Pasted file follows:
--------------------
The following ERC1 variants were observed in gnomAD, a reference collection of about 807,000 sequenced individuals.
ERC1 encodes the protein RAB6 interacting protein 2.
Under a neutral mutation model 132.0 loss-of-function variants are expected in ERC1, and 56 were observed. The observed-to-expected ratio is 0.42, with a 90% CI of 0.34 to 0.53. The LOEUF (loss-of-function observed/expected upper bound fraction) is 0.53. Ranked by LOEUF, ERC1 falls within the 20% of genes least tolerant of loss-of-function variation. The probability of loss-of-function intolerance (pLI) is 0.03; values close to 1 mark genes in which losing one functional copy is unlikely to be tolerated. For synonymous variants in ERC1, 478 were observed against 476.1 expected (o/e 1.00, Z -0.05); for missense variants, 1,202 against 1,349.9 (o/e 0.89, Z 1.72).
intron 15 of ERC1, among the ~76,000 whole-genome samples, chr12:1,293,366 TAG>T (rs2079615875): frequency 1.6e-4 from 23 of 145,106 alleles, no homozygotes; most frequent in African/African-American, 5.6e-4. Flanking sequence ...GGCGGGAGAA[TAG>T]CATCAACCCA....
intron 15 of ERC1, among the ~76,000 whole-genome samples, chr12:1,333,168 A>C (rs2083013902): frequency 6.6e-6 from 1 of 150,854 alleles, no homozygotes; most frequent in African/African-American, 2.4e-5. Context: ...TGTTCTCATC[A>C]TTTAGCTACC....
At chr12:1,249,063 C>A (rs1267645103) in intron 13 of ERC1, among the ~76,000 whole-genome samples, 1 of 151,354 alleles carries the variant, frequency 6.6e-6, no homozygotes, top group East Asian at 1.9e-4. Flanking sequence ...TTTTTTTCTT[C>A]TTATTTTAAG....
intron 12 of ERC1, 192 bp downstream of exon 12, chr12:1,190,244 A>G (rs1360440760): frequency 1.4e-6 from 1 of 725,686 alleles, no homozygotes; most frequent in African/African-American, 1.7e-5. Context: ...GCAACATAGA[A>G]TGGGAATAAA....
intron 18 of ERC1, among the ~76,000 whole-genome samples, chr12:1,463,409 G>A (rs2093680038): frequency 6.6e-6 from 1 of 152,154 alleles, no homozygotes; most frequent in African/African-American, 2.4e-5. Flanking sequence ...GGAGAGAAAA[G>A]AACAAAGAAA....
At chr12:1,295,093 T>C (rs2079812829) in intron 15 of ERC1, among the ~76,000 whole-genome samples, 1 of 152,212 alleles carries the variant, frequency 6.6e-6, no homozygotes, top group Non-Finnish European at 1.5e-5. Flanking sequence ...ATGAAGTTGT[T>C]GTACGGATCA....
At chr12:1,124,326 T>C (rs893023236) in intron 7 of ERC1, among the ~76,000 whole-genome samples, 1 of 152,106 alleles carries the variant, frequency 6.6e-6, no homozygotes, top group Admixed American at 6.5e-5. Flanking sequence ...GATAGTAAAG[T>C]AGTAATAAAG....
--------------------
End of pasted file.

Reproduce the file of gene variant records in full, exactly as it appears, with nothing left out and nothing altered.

The following ERC1 variants were observed in gnomAD, a reference collection of about 807,000 sequenced individuals.
ERC1 encodes the protein RAB6 interacting protein 2.
Under a neutral mutation model 132.0 loss-of-function variants are expected in ERC1, and 56 were observed. The observed-to-expected ratio is 0.42, with a 90% CI of 0.34 to 0.53. The LOEUF (loss-of-function observed/expected upper bound fraction) is 0.53. Ranked by LOEUF, ERC1 falls within the 20% of genes least tolerant of loss-of-function variation. The probability of loss-of-function intolerance (pLI) is 0.03; values close to 1 mark genes in which losing one functional copy is unlikely to be tolerated. For synonymous variants in ERC1, 478 were observed against 476.1 expected (o/e 1.00, Z -0.05); for missense variants, 1,202 against 1,349.9 (o/e 0.89, Z 1.72).
intron 15 of ERC1, among the ~76,000 whole-genome samples, chr12:1,293,366 TAG>T (rs2079615875): frequency 1.6e-4 from 23 of 145,106 alleles, no homozygotes; most frequent in African/African-American, 5.6e-4. Flanking sequence ...GGCGGGAGAA[TAG>T]CATCAACCCA....
intron 15 of ERC1, among the ~76,000 whole-genome samples, chr12:1,333,168 A>C (rs2083013902): frequency 6.6e-6 from 1 of 150,854 alleles, no homozygotes; most frequent in African/African-American, 2.4e-5. Context: ...TGTTCTCATC[A>C]TTTAGCTACC....
At chr12:1,249,063 C>A (rs1267645103) in intron 13 of ERC1, among the ~76,000 whole-genome samples, 1 of 151,354 alleles carries the variant, frequency 6.6e-6, no homozygotes, top group East Asian at 1.9e-4. Flanking sequence ...TTTTTTTCTT[C>A]TTATTTTAAG....
intron 12 of ERC1, 192 bp downstream of exon 12, chr12:1,190,244 A>G (rs1360440760): frequency 1.4e-6 from 1 of 725,686 alleles, no homozygotes; most frequent in African/African-American, 1.7e-5. Context: ...GCAACATAGA[A>G]TGGGAATAAA....
intron 18 of ERC1, among the ~76,000 whole-genome samples, chr12:1,463,409 G>A (rs2093680038): frequency 6.6e-6 from 1 of 152,154 alleles, no homozygotes; most frequent in African/African-American, 2.4e-5. Flanking sequence ...GGAGAGAAAA[G>A]AACAAAGAAA....
At chr12:1,295,093 T>C (rs2079812829) in intron 15 of ERC1, among the ~76,000 whole-genome samples, 1 of 152,212 alleles carries the variant, frequency 6.6e-6, no homozygotes, top group Non-Finnish European at 1.5e-5. Flanking sequence ...ATGAAGTTGT[T>C]GTACGGATCA....
At chr12:1,124,326 T>C (rs893023236) in intron 7 of ERC1, among the ~76,000 whole-genome samples, 1 of 152,106 alleles carries the variant, frequency 6.6e-6, no homozygotes, top group Admixed American at 6.5e-5. Flanking sequence ...GATAGTAAAG[T>C]AGTAATAAAG....